You may not like what you’re going to read here. Maybe you should stop reading. And that’s OK. Not sure that I fully like it myself. But what is going to happen is unstoppable. That’s why I’ve written a response to Tony Wilson’s recent column “492,529 reasons to say no to merging with the U.S.”
If you’re still with me on this, try me out. You see, I take a certain simple view of the world: As a lawyer, I know past client history is a predictive element in future client action (if the last time, the lawyer-client called Supreme Advocacy two or three days before a Supreme Court deadline, and we still meet the deadline, chances are he’ll do it again). Same goes for judges, at a higher evolutionary scale if you will — their past decisions give you some idea of future decisions; that’s why we check them out pre-hearing; that’s why (I think) fundamentally we have this thing called stare decisis.
In other words, the study of history helps us predict the future (myself, I read a lot about the Second World War because my dad fought in that war).
Let’s go now from the practice of law, the job of judging, the study of history — to what some call “geopolitics.” Me, I think it’s just basic human nature, with group dynamics thrown in.
Let me explain it simply this way, and also ask you a few questions along the way.
My dad fought in the Second World War, where people shot and shelled you from over there, and you reciprocated because they were indeed over there. After the war, Europe was a complete mess in just about every way. Eisenhower wrote home to his wife: “I never dreamed that such cruelty, bestiality, and savagery could really exist in this world,” (quoted in the just-published book Year Zero: A History of 1945) and my dad is still alive and remembers what Europe was like.
My wife Giovanna and I have a house in Arizona, just north of Phoenix in Cave Creek. In the century before last, there was what many refer to as “The Indian Wars,” and in Cave Creek there are local roads called Stagecoach Pass, Bloody Basin Road, and Riflemans’ Pass. These are real names, I’m not making them up.
On the other side of the creek was an Indian encampment, and if you walk slowly and carefully there today you can pick up significant pieces of pottery dropped on the way to/from the creek. Older folks in the area still remember Cavalry versus Indian war stories their grandparents told them. In other words, it’s history I suppose, but recent history, within living memory.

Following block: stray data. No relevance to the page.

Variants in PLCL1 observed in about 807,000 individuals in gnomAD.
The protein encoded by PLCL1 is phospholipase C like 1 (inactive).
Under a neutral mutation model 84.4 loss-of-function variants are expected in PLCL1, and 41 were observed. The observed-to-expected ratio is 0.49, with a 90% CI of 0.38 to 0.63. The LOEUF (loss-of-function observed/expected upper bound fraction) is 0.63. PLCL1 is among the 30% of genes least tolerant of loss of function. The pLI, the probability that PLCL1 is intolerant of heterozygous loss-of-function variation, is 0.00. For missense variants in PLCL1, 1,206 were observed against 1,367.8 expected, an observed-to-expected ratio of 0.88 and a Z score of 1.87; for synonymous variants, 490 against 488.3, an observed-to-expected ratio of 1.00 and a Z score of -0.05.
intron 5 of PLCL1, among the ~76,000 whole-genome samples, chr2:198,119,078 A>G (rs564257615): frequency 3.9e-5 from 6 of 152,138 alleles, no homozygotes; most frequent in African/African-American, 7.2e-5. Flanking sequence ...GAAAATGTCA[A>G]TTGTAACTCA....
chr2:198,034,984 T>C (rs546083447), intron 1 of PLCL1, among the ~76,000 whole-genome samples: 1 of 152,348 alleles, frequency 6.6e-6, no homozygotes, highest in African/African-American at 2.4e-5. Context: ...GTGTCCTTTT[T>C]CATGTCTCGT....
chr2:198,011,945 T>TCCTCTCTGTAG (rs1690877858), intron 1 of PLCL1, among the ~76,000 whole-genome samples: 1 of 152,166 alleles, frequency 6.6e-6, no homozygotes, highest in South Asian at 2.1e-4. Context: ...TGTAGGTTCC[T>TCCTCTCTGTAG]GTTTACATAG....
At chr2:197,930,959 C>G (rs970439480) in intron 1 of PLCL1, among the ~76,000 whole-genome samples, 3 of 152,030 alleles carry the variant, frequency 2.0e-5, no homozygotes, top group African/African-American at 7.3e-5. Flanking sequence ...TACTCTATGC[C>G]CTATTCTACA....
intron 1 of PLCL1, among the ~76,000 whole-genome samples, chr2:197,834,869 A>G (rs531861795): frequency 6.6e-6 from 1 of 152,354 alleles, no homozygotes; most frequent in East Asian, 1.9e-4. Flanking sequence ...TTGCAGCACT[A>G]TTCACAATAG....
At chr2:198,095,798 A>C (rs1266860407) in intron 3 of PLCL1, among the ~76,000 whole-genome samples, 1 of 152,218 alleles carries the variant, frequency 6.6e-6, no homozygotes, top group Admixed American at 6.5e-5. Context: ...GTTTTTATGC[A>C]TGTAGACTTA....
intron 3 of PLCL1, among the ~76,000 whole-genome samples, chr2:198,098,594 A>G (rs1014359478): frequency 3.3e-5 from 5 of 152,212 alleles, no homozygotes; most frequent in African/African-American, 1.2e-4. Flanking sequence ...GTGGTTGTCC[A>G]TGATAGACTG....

Europe is now one country, a federal country (Treaty of Rome, the founding constitutional document). A federal country with internal frictions of course — just like Canada — but a country nevertheless.
Indian wars, yes they happened, but for Giovanna, me, and the kids Arizona has become a good place to spend a warm week or two during a cold Canadian winter.
Do we have what the U.S. wants?
Some things Canada has that the U.S. wants: water, wood, oil, gas, space, and security. Anything incoming has a long way to travel before it gets across the 49th parallel.
And does the U.S. have what we want?
Here are some things Canada wants: access to the U.S. market, American know-how, investment, possible access to their dollar (continues to get talked about by economists whether we should be using the U.S. dollar as a standard — and you noticed our coins match, the quarter, the dime, the nickel?), and security (nobody will screw with us with them sitting close by).
The big question?
If Canada has what the U.S. wants and the U.S. has what Canada wants and given countries “come together” for two main reasons, conquest or collegiality (i.e. Europe: “We are stronger as a single block”), how long will it take for Canada and the U.S. to become one country?
I know the answer: two to three generations max. Because of Sept. 11, 2001, you can take a generation off (my cousin Damian Meehan was killed in one of those towers).
I even know the name, can’t you guess? The United States of North America.
We add one word and half-a-dozen stars (maybe a maple leaf or two) and we’re in. And how would we as a country divide up into states? That’s pretty obvious: British Columbia, the Prairie Provinces, Ontario, Quebec, the Maritimes, and the North.
Will it happen? Absolutely. It’s a historical inevitability.
Will it be universally popular? Absolutely not. But will it happen, yes, after referenda on both sides of the previous border.
Your kids or probably grandkids will have different passports from you. You can’t stop it.
You heard it here first. You can tell me years from now “I told you so.” I’ll be dead but feel free to tell my kids Naomi, Marc, Mélanie, and Morgan.
Eugene Meehan is a partner at Supreme Advocacy LLP, a boutique law firm in Ottawa specializing in SCC matters.